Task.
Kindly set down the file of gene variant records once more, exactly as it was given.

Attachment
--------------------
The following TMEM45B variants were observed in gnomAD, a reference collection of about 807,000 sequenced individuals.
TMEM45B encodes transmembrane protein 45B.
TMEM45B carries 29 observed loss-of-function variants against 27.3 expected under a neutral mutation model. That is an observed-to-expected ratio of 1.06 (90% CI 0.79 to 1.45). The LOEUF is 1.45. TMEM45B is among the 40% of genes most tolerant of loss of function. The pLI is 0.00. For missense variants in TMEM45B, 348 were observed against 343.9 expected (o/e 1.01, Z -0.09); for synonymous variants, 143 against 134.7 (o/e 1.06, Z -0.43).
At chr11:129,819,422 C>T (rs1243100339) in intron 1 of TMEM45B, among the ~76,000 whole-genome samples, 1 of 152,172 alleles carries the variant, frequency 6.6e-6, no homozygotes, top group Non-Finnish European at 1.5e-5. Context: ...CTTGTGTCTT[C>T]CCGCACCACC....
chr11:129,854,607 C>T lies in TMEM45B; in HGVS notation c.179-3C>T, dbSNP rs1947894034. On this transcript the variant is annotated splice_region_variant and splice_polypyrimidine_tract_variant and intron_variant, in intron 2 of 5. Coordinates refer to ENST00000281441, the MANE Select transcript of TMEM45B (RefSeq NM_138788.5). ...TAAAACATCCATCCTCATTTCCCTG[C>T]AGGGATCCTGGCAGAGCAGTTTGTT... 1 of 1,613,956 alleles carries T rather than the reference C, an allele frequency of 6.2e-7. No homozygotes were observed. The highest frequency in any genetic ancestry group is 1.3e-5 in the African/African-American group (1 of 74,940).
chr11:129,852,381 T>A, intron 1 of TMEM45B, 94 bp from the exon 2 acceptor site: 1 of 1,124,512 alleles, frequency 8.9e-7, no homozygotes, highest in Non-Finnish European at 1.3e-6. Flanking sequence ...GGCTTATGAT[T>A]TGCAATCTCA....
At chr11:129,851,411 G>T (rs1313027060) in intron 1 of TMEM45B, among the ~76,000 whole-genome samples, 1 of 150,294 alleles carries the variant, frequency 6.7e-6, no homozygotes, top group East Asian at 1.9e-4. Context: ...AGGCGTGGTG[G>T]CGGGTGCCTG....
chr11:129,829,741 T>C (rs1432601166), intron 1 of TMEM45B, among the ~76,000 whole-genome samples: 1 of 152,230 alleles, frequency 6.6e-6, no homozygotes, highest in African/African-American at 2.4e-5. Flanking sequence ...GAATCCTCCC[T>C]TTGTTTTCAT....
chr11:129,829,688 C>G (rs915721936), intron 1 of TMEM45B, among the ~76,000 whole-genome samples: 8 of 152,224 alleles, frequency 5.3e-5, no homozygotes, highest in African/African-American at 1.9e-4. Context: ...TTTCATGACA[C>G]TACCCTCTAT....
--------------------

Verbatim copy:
The following TMEM45B variants were observed in gnomAD, a reference collection of about 807,000 sequenced individuals.
TMEM45B encodes transmembrane protein 45B.
TMEM45B carries 29 observed loss-of-function variants against 27.3 expected under a neutral mutation model. That is an observed-to-expected ratio of 1.06 (90% CI 0.79 to 1.45). The LOEUF is 1.45. TMEM45B is among the 40% of genes most tolerant of loss of function. The pLI is 0.00. For missense variants in TMEM45B, 348 were observed against 343.9 expected (o/e 1.01, Z -0.09); for synonymous variants, 143 against 134.7 (o/e 1.06, Z -0.43).
At chr11:129,819,422 C>T (rs1243100339) in intron 1 of TMEM45B, among the ~76,000 whole-genome samples, 1 of 152,172 alleles carries the variant, frequency 6.6e-6, no homozygotes, top group Non-Finnish European at 1.5e-5. Context: ...CTTGTGTCTT[C>T]CCGCACCACC....
chr11:129,854,607 C>T lies in TMEM45B; in HGVS notation c.179-3C>T, dbSNP rs1947894034. On this transcript the variant is annotated splice_region_variant and splice_polypyrimidine_tract_variant and intron_variant, in intron 2 of 5. Coordinates refer to ENST00000281441, the MANE Select transcript of TMEM45B (RefSeq NM_138788.5). ...TAAAACATCCATCCTCATTTCCCTG[C>T]AGGGATCCTGGCAGAGCAGTTTGTT... 1 of 1,613,956 alleles carries T rather than the reference C, an allele frequency of 6.2e-7. No homozygotes were observed. The highest frequency in any genetic ancestry group is 1.3e-5 in the African/African-American group (1 of 74,940).
chr11:129,852,381 T>A, intron 1 of TMEM45B, 94 bp from the exon 2 acceptor site: 1 of 1,124,512 alleles, frequency 8.9e-7, no homozygotes, highest in Non-Finnish European at 1.3e-6. Flanking sequence ...GGCTTATGAT[T>A]TGCAATCTCA....
At chr11:129,851,411 G>T (rs1313027060) in intron 1 of TMEM45B, among the ~76,000 whole-genome samples, 1 of 150,294 alleles carries the variant, frequency 6.7e-6, no homozygotes, top group East Asian at 1.9e-4. Context: ...AGGCGTGGTG[G>T]CGGGTGCCTG....
chr11:129,829,741 T>C (rs1432601166), intron 1 of TMEM45B, among the ~76,000 whole-genome samples: 1 of 152,230 alleles, frequency 6.6e-6, no homozygotes, highest in African/African-American at 2.4e-5. Flanking sequence ...GAATCCTCCC[T>C]TTGTTTTCAT....
chr11:129,829,688 C>G (rs915721936), intron 1 of TMEM45B, among the ~76,000 whole-genome samples: 8 of 152,224 alleles, frequency 5.3e-5, no homozygotes, highest in African/African-American at 1.9e-4. Context: ...TTTCATGACA[C>G]TACCCTCTAT....